About Milan

About Milan

The 28th Annual EAU Congress marks a return to Northern Italy after the EAU first convened in Milan in 2008. As Italy's second city and industrial heartland, Milan is an important centre for medical and biotechnical research. The offices of the EAU’s own European Urology journal are located here. Combined with its rich cultural heritage and modern infrastructure, these qualities make it most suitable to hosting the Congress.


Milan has always been an important regional centre, going right back to Roman times. For about a century, Milan was the seat of the Western Roman emperors. Its location in the north of Italy, as a gateway to the rest of Europe has consistently meant it was a prosperous trading town. In the middle ages, industry was focussed on armaments and wool.

For many centuries, Milan was a Spanish and then Austrian Habsburg possession. It successfully broke from Austrian rule in 1859 and joined the process of Italian unification that ended in 1870. Following the Second World War, Milan was the centre of the Italian economic miracle. Its population was greatly boosted by labour immigration from the South.

The City

Nowadays, Milan is Italy’s centre of banking, industry and innovation. Together with its suburbs and surrounding towns, it is one of the largest metropolitan areas in Europe.

Milan has for several decades been considered a centre of fashion, with its designers reaching a worldwide audience in the latter half of the twentieth century. It hosts not one, but two world-class football teams, in the shape of A.C. Milan and Inter Milan.

The city pays host to centuries of impressive architecture: churches range from early medieval basilicas to the gothic splendour of Milan Cathedral. This is Italy’s largest cathedral, not counting St Peter’s Basilica in Vatican City.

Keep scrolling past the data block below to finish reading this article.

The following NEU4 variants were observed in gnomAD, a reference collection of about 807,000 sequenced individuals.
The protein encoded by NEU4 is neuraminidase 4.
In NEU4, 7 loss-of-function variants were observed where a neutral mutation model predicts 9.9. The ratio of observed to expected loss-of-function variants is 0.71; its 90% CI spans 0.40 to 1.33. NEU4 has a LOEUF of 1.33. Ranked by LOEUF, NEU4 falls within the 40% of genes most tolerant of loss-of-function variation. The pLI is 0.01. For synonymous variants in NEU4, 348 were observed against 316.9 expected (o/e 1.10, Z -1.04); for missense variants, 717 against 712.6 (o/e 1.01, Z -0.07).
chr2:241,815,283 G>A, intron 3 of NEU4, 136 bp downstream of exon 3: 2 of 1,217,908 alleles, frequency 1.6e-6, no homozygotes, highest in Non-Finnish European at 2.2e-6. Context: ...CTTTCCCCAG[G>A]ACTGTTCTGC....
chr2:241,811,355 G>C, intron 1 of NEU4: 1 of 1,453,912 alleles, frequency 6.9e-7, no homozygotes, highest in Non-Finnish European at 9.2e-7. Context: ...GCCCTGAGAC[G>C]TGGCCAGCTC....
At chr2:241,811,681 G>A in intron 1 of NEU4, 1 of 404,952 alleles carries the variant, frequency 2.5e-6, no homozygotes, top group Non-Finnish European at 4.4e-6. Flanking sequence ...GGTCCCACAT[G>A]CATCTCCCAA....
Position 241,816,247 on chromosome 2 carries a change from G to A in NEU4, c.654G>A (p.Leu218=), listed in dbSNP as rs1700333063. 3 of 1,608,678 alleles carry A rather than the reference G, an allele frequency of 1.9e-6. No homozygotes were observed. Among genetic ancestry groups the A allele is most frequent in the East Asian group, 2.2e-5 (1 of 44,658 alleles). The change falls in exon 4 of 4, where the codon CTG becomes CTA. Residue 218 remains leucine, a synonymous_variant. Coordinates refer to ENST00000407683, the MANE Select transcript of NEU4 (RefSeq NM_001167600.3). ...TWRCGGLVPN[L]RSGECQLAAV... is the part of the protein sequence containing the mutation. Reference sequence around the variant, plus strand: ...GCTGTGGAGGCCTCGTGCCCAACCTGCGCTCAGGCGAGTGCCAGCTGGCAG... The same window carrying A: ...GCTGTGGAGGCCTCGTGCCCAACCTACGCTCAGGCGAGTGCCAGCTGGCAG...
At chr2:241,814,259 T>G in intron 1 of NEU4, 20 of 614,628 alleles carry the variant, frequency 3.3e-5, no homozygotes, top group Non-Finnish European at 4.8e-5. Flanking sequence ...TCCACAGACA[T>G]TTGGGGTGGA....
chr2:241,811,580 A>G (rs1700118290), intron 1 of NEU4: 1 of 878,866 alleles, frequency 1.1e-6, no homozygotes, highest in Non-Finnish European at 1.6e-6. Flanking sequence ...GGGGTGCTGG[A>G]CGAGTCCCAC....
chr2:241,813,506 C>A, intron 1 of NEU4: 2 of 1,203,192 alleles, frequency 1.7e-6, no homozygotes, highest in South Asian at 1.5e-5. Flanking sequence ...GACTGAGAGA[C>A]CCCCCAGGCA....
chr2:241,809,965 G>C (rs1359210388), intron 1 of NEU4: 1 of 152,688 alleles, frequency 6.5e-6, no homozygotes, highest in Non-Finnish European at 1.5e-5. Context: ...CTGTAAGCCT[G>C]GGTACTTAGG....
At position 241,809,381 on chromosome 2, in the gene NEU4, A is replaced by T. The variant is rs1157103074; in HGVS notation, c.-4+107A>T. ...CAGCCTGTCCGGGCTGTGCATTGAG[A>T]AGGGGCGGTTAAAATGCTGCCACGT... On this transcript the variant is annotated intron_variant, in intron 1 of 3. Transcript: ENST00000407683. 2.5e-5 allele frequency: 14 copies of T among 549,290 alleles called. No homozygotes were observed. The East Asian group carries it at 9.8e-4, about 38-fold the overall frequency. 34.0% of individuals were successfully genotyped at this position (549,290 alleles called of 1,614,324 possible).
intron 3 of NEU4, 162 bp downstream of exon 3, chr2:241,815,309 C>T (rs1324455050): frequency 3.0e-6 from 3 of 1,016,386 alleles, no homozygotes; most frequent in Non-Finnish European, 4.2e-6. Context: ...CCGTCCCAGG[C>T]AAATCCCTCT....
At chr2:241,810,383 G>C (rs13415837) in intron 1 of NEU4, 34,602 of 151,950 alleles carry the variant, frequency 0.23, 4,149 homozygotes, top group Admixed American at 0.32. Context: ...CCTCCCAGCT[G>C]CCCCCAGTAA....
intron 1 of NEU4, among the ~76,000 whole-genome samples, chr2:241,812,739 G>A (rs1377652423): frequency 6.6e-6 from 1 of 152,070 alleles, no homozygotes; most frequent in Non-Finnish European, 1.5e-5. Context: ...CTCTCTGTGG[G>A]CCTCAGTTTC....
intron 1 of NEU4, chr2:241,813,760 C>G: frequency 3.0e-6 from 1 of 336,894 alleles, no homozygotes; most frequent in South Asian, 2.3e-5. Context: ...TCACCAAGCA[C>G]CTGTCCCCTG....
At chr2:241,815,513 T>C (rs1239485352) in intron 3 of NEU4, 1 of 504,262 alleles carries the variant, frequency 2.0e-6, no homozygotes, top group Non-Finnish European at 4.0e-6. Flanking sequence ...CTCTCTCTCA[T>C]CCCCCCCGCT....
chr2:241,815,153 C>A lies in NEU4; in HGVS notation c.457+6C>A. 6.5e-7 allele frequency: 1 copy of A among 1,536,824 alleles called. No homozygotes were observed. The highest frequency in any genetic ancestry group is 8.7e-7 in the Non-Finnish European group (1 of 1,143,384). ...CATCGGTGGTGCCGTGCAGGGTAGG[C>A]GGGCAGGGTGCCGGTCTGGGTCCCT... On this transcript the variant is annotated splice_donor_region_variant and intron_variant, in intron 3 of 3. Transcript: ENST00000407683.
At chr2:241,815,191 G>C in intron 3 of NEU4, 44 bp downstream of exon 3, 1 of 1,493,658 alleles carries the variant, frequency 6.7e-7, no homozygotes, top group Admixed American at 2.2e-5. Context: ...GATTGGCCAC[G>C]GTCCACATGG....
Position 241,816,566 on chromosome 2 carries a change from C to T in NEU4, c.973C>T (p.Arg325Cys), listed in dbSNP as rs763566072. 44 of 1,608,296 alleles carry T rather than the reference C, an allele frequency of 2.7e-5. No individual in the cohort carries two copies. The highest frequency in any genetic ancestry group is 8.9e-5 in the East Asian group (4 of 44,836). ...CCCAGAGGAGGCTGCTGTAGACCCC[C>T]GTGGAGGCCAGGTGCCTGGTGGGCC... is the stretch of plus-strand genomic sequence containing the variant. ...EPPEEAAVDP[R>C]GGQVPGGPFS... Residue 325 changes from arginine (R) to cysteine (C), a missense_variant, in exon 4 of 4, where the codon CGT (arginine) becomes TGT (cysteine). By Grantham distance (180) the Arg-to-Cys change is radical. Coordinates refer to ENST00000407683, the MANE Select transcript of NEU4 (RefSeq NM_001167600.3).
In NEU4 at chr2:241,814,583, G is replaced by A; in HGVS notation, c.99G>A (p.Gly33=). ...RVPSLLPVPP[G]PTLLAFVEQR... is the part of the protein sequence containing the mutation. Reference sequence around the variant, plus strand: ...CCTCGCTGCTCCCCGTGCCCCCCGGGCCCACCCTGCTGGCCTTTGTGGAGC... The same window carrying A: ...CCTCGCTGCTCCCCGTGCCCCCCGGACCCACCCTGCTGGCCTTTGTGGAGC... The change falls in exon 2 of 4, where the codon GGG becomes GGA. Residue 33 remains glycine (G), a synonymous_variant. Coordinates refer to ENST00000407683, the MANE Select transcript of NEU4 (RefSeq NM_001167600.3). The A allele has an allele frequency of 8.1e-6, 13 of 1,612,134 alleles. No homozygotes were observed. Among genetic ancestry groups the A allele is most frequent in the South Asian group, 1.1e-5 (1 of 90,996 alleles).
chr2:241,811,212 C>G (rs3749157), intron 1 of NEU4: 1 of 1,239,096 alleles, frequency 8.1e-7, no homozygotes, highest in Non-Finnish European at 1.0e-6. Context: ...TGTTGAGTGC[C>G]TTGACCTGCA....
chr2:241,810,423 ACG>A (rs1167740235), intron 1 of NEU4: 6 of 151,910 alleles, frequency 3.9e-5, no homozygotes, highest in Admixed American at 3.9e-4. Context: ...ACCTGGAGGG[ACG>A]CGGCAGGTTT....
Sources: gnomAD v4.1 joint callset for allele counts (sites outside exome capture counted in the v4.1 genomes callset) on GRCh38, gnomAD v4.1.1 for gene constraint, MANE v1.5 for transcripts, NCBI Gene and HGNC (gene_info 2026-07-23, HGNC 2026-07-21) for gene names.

The industrialisation of Italy has also shaped Milan. This is reflected in other architectural  highlights, which include the Galleria Vittorio Emanuele II arcade, Milano Centrale railway station and the iconic modernist Torre Velasca skyscraper.

Milan is also an important cultural centre: the wealth of its inhabitants has allowed them to patronise Europe’s biggest artists. Leonardo Da Vinci, for instance, painted the famous mural “The Last Supper” in Milan, which can be visited upon appointment. His presence is also felt in Italy’s largest technology museum, the Leonardo da Vinci Science and Technology Museum. Among its large collections and exhibits is a gallery with Da Vinci’s drawings, and models of his inventions.

Getting to Milan

As a major population centre, and as the industrial heartland of Italy, Milan has excellent connections for international travel.

Milan is a major hub in Italy’s high speed rail network. It is also connected, through regular services to Europe’s high speed rail network. International trains come from France, Switzerland and Austria.

Three airports serve the greater Milan area. At 45km from the city centre, Orio al Serio mainly hosts budget airlines. Malpensa Airport, at 40km is the main hub for (long-distance) international airlines and Linate Airport, at 8km serves domestic and short-haul flights. All airports have bus connections to Milan, and Malpensa has its own train station.

More information on getting to the congress venue >

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